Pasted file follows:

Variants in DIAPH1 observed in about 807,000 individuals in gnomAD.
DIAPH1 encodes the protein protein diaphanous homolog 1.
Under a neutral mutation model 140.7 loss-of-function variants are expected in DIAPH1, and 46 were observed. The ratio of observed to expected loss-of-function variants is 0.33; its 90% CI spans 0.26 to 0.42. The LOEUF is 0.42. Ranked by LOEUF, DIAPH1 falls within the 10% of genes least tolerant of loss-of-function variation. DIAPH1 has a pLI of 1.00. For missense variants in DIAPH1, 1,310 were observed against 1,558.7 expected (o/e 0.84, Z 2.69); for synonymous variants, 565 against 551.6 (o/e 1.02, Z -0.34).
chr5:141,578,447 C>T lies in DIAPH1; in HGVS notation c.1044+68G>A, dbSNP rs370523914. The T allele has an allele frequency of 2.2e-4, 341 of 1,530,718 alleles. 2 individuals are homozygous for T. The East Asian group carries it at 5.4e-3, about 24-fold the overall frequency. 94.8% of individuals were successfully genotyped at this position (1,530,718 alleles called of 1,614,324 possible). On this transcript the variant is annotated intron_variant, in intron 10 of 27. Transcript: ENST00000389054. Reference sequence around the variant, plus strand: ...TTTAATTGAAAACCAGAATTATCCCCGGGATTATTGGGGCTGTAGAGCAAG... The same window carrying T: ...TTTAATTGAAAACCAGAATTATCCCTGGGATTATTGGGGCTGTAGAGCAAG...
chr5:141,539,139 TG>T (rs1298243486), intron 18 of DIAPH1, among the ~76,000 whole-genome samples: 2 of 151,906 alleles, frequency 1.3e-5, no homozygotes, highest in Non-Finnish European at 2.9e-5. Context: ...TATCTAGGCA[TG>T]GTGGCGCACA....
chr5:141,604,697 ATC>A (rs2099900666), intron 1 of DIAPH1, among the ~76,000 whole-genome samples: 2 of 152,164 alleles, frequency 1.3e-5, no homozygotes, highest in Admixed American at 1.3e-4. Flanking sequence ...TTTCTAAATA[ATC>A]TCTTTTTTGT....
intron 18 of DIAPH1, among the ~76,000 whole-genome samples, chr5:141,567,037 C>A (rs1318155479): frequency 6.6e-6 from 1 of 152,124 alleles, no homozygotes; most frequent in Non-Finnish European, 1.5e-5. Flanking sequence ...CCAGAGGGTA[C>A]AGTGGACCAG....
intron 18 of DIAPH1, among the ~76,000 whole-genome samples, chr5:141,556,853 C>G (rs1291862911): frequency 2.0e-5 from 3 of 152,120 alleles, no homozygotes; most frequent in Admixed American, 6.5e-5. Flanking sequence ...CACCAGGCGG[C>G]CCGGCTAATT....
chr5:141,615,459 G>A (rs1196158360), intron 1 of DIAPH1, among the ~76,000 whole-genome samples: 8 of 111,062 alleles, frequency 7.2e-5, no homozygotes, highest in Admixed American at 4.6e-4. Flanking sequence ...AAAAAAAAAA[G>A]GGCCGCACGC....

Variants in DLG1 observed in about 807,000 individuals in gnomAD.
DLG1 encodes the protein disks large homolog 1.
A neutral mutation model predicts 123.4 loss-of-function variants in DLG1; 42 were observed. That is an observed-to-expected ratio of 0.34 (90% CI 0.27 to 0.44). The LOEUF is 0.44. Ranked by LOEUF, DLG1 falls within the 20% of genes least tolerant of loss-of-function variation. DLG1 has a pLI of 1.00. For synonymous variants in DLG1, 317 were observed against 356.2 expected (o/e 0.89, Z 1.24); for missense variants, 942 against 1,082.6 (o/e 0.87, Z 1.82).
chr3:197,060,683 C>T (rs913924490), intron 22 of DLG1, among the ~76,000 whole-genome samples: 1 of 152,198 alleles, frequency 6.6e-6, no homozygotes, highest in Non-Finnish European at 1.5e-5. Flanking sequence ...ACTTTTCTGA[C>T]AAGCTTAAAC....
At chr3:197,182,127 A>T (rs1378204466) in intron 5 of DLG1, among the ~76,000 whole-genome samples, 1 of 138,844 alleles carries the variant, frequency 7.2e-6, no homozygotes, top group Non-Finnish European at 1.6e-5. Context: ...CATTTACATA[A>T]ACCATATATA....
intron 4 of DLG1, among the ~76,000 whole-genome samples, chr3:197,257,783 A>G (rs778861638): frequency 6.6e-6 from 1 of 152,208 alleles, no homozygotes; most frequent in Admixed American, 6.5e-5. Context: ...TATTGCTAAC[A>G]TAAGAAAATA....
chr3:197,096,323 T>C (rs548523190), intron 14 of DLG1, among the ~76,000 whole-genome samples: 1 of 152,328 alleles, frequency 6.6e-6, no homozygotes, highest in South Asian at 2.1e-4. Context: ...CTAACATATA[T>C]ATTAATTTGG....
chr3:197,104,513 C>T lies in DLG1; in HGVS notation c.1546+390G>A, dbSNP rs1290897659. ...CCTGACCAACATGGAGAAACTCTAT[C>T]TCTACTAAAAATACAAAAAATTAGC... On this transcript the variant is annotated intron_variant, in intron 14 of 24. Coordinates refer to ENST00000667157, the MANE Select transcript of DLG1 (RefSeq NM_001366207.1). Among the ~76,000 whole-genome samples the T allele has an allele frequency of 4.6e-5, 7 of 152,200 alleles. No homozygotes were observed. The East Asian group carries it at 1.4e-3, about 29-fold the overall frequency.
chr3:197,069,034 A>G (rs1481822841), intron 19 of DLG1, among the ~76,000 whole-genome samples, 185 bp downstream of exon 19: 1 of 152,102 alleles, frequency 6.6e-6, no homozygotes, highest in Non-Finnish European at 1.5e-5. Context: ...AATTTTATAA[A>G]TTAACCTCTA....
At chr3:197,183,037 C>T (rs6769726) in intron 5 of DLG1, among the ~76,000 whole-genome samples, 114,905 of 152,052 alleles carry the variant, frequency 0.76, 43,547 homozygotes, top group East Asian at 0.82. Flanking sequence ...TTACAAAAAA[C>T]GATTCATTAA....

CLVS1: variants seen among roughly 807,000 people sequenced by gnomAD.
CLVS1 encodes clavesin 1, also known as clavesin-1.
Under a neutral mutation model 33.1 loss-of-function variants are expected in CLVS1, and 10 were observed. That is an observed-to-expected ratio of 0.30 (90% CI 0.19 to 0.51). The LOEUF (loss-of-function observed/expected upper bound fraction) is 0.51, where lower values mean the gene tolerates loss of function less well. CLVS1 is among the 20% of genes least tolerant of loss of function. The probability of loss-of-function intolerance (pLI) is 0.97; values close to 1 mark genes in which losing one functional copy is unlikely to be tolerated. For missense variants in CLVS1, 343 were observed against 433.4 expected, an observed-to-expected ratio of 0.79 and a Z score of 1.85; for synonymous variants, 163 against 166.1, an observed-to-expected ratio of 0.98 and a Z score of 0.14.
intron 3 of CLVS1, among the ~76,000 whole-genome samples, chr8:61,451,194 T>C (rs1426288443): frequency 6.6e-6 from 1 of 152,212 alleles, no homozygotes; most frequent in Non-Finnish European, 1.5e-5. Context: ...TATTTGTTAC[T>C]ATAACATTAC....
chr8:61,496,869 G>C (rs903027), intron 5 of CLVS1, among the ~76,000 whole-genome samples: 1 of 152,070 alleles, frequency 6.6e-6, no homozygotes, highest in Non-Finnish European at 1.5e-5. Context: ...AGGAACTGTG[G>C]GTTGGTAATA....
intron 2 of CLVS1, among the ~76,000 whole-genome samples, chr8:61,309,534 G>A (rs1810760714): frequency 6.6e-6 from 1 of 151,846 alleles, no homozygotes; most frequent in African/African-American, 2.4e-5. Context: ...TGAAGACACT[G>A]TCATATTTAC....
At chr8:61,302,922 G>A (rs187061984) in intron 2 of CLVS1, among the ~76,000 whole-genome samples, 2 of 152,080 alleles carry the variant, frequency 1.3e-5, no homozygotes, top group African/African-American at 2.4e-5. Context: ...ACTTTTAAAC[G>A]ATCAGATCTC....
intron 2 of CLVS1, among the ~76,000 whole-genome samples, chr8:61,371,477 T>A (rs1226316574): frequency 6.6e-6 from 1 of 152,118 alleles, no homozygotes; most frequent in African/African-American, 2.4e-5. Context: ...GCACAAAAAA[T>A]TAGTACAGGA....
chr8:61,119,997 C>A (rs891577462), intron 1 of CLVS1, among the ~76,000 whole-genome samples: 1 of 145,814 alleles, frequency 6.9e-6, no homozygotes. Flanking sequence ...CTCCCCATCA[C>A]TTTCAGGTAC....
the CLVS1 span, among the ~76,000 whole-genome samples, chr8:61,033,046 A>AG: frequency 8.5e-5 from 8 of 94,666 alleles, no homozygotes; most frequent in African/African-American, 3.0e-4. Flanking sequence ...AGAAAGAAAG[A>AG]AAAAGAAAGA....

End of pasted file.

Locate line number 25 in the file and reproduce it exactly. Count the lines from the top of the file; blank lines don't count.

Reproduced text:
intron 2 of CLVS1, among the ~76,000 whole-genome samples, chr8:61,309,534 G>A (rs1810760714): frequency 6.6e-6 from 1 of 151,846 alleles, no homozygotes; most frequent in African/African-American, 2.4e-5. Context: ...TGAAGACACT[G>A]TCATATTTAC....